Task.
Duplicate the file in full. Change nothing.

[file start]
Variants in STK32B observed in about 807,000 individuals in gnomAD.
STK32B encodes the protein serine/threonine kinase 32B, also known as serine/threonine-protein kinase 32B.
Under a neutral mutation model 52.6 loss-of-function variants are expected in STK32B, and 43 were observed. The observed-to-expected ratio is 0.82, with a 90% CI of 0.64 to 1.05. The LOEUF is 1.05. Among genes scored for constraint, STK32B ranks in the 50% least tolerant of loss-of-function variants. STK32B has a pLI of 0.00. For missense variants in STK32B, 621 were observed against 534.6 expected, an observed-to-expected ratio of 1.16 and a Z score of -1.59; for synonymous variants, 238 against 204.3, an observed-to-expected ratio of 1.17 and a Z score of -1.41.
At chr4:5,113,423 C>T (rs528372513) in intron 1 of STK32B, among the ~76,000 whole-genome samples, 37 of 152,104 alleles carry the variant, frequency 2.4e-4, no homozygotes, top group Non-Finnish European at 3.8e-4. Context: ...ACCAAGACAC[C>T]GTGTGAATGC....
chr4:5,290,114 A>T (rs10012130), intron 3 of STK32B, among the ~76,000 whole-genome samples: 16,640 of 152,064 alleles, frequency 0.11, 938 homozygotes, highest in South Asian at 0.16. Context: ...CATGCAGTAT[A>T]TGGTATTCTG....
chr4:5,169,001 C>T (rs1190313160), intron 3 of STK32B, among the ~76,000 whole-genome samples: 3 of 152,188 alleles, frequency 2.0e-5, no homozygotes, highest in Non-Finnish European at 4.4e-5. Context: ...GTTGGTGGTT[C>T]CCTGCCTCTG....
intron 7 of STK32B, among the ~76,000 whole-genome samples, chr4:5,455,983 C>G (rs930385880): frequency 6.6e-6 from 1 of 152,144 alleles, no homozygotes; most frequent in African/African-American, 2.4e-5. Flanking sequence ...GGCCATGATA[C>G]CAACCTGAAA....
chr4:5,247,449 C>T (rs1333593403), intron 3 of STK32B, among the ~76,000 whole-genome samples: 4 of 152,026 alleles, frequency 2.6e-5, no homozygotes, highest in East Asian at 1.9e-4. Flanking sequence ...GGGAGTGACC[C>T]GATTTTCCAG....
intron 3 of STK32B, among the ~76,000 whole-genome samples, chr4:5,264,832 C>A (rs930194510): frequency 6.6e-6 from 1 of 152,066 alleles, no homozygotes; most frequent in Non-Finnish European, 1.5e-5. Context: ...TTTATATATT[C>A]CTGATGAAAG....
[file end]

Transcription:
Variants in STK32B observed in about 807,000 individuals in gnomAD.
STK32B encodes the protein serine/threonine kinase 32B, also known as serine/threonine-protein kinase 32B.
Under a neutral mutation model 52.6 loss-of-function variants are expected in STK32B, and 43 were observed. The observed-to-expected ratio is 0.82, with a 90% CI of 0.64 to 1.05. The LOEUF is 1.05. Among genes scored for constraint, STK32B ranks in the 50% least tolerant of loss-of-function variants. STK32B has a pLI of 0.00. For missense variants in STK32B, 621 were observed against 534.6 expected, an observed-to-expected ratio of 1.16 and a Z score of -1.59; for synonymous variants, 238 against 204.3, an observed-to-expected ratio of 1.17 and a Z score of -1.41.
At chr4:5,113,423 C>T (rs528372513) in intron 1 of STK32B, among the ~76,000 whole-genome samples, 37 of 152,104 alleles carry the variant, frequency 2.4e-4, no homozygotes, top group Non-Finnish European at 3.8e-4. Context: ...ACCAAGACAC[C>T]GTGTGAATGC....
chr4:5,290,114 A>T (rs10012130), intron 3 of STK32B, among the ~76,000 whole-genome samples: 16,640 of 152,064 alleles, frequency 0.11, 938 homozygotes, highest in South Asian at 0.16. Context: ...CATGCAGTAT[A>T]TGGTATTCTG....
chr4:5,169,001 C>T (rs1190313160), intron 3 of STK32B, among the ~76,000 whole-genome samples: 3 of 152,188 alleles, frequency 2.0e-5, no homozygotes, highest in Non-Finnish European at 4.4e-5. Context: ...GTTGGTGGTT[C>T]CCTGCCTCTG....
intron 7 of STK32B, among the ~76,000 whole-genome samples, chr4:5,455,983 C>G (rs930385880): frequency 6.6e-6 from 1 of 152,144 alleles, no homozygotes; most frequent in African/African-American, 2.4e-5. Flanking sequence ...GGCCATGATA[C>G]CAACCTGAAA....
chr4:5,247,449 C>T (rs1333593403), intron 3 of STK32B, among the ~76,000 whole-genome samples: 4 of 152,026 alleles, frequency 2.6e-5, no homozygotes, highest in East Asian at 1.9e-4. Flanking sequence ...GGGAGTGACC[C>T]GATTTTCCAG....
intron 3 of STK32B, among the ~76,000 whole-genome samples, chr4:5,264,832 C>A (rs930194510): frequency 6.6e-6 from 1 of 152,066 alleles, no homozygotes; most frequent in Non-Finnish European, 1.5e-5. Context: ...TTTATATATT[C>A]CTGATGAAAG....